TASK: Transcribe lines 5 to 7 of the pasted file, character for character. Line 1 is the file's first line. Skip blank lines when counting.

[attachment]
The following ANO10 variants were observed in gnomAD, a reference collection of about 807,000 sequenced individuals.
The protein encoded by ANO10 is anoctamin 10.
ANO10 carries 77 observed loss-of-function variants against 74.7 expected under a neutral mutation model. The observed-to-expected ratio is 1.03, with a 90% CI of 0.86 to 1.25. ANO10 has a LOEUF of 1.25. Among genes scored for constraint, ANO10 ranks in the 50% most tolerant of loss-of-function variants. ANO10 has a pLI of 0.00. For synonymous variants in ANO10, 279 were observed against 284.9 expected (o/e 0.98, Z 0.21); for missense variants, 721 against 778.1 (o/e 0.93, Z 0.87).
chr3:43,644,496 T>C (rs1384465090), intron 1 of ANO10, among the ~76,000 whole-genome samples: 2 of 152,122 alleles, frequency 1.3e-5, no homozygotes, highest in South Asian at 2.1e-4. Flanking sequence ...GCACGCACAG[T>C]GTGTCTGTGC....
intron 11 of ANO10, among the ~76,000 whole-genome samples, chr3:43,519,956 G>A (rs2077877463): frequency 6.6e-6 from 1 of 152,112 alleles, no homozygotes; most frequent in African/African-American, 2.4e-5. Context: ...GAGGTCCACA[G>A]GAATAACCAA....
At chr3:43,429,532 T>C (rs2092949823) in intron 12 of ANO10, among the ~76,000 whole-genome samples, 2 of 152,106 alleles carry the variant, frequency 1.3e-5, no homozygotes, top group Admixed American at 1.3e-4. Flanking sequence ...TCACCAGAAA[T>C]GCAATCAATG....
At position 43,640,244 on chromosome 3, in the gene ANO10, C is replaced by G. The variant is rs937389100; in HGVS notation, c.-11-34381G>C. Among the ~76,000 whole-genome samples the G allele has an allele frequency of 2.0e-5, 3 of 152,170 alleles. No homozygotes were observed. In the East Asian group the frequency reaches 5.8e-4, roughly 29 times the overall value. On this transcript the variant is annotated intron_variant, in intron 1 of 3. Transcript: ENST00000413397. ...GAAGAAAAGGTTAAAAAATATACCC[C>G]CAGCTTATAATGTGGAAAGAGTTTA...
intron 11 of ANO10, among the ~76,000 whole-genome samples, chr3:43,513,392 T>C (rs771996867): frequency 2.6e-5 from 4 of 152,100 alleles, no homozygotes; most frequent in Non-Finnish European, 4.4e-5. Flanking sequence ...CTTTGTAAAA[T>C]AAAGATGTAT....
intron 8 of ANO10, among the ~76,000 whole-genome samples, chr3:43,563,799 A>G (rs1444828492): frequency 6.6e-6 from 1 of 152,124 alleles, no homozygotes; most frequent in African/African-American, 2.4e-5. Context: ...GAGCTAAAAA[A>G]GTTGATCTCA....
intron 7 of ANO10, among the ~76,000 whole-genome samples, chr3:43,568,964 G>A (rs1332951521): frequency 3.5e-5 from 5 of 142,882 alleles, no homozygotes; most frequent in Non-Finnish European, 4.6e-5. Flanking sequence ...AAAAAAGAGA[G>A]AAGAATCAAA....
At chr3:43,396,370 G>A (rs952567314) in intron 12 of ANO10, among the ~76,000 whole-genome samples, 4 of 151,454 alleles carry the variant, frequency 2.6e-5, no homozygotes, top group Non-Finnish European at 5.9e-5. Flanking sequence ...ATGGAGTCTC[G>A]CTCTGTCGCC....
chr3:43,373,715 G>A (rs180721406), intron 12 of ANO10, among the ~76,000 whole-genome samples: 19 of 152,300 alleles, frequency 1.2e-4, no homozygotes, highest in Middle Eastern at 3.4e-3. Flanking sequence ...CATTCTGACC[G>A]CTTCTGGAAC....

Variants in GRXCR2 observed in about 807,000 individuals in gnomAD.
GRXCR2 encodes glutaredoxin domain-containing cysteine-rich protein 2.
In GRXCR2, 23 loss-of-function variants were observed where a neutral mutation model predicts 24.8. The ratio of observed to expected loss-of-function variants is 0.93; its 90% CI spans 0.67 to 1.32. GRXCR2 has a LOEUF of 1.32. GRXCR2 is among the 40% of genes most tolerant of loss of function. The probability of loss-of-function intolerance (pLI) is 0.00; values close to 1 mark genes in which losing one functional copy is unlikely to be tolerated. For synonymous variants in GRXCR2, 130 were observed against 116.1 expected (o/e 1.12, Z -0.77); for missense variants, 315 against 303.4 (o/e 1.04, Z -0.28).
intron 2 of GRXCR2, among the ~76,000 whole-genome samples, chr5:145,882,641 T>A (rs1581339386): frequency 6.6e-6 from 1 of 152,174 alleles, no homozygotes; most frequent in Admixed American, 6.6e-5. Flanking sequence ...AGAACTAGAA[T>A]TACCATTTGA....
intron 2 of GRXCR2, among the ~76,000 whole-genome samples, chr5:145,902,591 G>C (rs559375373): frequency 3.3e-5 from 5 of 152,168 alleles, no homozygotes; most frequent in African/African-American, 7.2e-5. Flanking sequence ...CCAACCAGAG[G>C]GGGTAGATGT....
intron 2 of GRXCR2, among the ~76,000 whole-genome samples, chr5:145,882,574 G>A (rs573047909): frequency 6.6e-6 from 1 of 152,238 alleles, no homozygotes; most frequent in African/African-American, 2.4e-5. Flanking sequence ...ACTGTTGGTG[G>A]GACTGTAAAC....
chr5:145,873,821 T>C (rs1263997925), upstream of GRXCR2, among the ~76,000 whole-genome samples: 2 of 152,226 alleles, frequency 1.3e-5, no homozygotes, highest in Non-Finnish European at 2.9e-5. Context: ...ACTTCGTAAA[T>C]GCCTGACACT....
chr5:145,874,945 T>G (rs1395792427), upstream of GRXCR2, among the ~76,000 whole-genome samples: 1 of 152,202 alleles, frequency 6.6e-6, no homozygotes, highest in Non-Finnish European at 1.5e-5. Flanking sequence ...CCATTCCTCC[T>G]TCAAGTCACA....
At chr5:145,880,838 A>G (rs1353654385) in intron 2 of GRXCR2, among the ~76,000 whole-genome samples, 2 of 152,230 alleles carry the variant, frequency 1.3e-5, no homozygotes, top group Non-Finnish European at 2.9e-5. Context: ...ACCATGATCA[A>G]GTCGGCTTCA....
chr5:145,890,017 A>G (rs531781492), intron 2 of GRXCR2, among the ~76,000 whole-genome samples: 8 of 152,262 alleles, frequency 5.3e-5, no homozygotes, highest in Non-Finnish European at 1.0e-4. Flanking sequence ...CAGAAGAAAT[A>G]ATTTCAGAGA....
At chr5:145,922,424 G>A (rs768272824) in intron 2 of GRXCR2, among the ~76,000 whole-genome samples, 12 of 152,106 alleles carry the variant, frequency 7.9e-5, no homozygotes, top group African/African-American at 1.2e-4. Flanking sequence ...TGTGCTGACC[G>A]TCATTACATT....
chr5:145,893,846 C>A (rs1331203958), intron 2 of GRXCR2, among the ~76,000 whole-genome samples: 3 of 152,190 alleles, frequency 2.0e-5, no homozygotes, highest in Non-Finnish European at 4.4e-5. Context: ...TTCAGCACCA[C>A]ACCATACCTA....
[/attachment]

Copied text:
intron 11 of ANO10, among the ~76,000 whole-genome samples, chr3:43,519,956 G>A (rs2077877463): frequency 6.6e-6 from 1 of 152,112 alleles, no homozygotes; most frequent in African/African-American, 2.4e-5. Context: ...GAGGTCCACA[G>A]GAATAACCAA....
At chr3:43,429,532 T>C (rs2092949823) in intron 12 of ANO10, among the ~76,000 whole-genome samples, 2 of 152,106 alleles carry the variant, frequency 1.3e-5, no homozygotes, top group Admixed American at 1.3e-4. Flanking sequence ...TCACCAGAAA[T>C]GCAATCAATG....
At position 43,640,244 on chromosome 3, in the gene ANO10, C is replaced by G. The variant is rs937389100; in HGVS notation, c.-11-34381G>C. Among the ~76,000 whole-genome samples the G allele has an allele frequency of 2.0e-5, 3 of 152,170 alleles. No homozygotes were observed. In the East Asian group the frequency reaches 5.8e-4, roughly 29 times the overall value. On this transcript the variant is annotated intron_variant, in intron 1 of 3. Transcript: ENST00000413397. ...GAAGAAAAGGTTAAAAAATATACCC[C>G]CAGCTTATAATGTGGAAAGAGTTTA...